Anomaly Detection as a foundation of Autonomous Monitoring

We believe the future of monitoring, especially for platforms like Kubernetes, is truly autonomous. Cloud native applications are increasingly distributed, evolving faster and failing in new ways, making it harder to monitor, troubleshoot and resolve incidents. Traditional approaches such as dashboards, carefully tuned alert rules and searches through logs are reactive and time intensive, hurting productivity, the user experience and MTTR. 

We believe the future of monitoring, especially for platforms like Kubernetes, is truly autonomous. Cloud native applications are increasingly distributed, evolving faster and failing in new ways, making it harder to monitor, troubleshoot and resolve incidents. Traditional approaches such as dashboards, carefully tuned alert rules and searches through logs are reactive and time intensive, hurting productivity, the user experience and MTTR. We believe machine learning can do much better – detecting anomalous patterns automatically, creating highly diagnostic incident alerts and shortening time to resolution.

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The Future of Monitoring is Autonomous

Monitoring today is extremely human driven. The only thing we’ve automated with monitoring to date is the ability to watch for metrics and events that send us alerts when something goes wrong. Everything else: deploying collectors, building parsing rules, configuring dashboards and alerts, and troubleshooting and resolving incidents, requires a lot of manual effort from expert operators that intuitively know and understand the system being monitored.

TL;DR

Monitoring today puts far too much burden on DevOps - requiring too much time and skill to build and maintain complex dashboards and fragile alert rules. Fortunately unassisted machine learning can be used to autonomously detect and find the root cause of critical incidents. Please read about it below, or try our free Autonomous Monitoring Platform now and start auto-detecting incidents in less than 5 minutes.

 

The Longer Version

 

Monitoring today is extremely human driven. The only thing we’ve automated with monitoring to date is the ability to watch for metrics and events that send us alerts when something goes wrong. Everything else: deploying collectors, building parsing rules, configuring dashboards and alerts, and troubleshooting and resolving incidents, requires a lot of manual effort from expert operators that intuitively know and understand the system being monitored.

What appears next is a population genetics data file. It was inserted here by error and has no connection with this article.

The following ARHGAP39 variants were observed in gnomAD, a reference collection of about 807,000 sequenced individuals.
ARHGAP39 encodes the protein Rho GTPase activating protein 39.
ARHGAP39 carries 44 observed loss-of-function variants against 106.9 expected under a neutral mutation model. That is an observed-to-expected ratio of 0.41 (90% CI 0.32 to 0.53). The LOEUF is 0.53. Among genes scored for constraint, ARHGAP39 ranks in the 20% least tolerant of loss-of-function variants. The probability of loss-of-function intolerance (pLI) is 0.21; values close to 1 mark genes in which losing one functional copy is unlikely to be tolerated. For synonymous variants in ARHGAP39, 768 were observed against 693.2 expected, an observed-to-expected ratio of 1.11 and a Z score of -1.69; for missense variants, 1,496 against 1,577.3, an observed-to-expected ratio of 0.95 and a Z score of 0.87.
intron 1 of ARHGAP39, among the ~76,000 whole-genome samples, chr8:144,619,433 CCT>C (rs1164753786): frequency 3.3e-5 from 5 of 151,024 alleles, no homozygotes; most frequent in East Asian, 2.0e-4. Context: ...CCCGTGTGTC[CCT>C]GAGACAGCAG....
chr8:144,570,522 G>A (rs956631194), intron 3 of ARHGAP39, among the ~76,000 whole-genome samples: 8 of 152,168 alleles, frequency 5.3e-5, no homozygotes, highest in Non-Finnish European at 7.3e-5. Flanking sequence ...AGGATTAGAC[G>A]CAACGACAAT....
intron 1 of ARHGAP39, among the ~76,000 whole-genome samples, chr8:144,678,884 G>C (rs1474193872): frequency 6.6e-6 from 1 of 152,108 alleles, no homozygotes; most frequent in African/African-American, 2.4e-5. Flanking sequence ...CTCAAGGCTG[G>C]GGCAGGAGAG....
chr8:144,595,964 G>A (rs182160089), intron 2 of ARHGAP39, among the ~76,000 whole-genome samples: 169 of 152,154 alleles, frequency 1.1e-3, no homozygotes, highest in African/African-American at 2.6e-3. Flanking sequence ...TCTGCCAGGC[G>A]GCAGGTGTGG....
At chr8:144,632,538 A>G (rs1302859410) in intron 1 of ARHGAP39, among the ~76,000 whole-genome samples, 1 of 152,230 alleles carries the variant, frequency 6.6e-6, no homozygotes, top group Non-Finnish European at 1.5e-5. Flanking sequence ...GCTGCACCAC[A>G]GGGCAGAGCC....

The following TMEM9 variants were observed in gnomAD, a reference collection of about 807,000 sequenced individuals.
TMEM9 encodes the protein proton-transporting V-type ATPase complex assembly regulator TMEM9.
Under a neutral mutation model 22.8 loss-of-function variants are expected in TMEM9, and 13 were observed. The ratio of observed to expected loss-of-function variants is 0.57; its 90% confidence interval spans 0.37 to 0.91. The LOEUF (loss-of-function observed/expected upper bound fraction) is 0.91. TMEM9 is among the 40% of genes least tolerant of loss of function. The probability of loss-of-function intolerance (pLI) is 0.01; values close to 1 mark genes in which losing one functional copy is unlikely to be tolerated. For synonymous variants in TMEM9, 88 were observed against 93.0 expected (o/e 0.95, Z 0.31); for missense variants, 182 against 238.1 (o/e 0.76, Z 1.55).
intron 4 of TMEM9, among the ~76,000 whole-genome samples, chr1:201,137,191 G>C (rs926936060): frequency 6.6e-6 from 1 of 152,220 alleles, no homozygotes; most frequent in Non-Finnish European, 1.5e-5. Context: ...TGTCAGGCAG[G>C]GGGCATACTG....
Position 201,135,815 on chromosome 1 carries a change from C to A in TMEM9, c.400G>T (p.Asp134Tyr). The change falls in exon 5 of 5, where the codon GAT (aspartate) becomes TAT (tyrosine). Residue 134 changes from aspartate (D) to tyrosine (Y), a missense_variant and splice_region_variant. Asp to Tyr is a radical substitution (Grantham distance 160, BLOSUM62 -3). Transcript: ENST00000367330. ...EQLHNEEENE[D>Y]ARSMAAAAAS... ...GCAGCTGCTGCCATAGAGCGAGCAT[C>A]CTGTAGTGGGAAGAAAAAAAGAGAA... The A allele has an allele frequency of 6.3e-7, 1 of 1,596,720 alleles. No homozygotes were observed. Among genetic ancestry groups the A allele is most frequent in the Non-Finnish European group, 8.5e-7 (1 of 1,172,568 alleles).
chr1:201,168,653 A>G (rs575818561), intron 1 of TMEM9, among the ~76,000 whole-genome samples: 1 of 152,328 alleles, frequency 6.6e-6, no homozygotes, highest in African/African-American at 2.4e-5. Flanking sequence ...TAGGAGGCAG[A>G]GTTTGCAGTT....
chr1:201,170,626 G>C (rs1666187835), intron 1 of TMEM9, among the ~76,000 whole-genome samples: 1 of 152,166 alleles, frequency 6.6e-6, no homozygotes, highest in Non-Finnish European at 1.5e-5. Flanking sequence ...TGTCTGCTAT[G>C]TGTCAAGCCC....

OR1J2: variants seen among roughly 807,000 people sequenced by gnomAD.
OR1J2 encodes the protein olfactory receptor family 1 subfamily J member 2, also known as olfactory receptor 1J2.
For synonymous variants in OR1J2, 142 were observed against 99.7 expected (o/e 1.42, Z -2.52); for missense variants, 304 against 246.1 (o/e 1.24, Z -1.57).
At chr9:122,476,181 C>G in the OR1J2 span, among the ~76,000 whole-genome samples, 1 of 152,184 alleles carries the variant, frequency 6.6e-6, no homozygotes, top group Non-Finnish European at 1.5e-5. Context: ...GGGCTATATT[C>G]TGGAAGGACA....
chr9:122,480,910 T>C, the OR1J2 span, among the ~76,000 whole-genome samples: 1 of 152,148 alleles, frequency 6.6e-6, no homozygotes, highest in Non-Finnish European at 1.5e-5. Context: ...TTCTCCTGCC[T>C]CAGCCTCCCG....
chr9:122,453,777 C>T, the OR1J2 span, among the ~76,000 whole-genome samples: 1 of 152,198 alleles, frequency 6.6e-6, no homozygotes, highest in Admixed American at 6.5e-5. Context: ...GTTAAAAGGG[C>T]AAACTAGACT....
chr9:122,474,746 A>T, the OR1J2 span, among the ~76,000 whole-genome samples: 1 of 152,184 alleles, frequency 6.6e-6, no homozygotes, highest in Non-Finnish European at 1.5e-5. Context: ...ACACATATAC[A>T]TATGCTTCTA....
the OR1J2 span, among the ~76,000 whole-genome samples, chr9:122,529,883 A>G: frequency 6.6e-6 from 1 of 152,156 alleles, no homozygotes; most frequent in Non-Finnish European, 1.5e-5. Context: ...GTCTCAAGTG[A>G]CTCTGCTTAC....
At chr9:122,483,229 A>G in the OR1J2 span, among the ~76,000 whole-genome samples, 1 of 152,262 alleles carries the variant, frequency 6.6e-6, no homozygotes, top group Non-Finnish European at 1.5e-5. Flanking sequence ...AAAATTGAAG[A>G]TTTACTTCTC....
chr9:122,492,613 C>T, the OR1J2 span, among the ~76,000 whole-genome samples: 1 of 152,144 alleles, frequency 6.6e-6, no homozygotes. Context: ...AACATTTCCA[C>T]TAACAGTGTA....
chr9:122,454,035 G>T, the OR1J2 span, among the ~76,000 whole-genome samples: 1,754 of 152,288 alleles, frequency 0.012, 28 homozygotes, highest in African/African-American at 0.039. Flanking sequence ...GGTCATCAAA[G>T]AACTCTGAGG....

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How Fluentd collects Kubernetes metadata

As part of my job, I recently had to modify Fluentd to be able to stream logs to our (Zebrium) Autonomous Log Monitoring platform. In order to do this, I needed to first understand how Fluentd collected Kubernetes metadata. I thought that what I learned might be useful/interesting to others and so decided to write this blog.

As part of my job, I recently had to modify Fluentd to be able to stream logs to our (Zebrium) Autonomous Log Monitoring platform. In order to do this, I needed to first understand how Fluentd collected Kubernetes metadata. I thought that what I learned might be useful/interesting to others and so decided to write this blog.

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Do your logs feel like a magic 8 ball?

Logs are the source of truth when trying to uncover latent problems in a software system. But is searching logs to find the root cause the right approach?

Logs are the source of truth when trying to uncover latent problems in a software system. They are usually too messy and voluminous to analyze proactively, so they are used mostly for reactive troubleshooting once a problem is known to have occurred.

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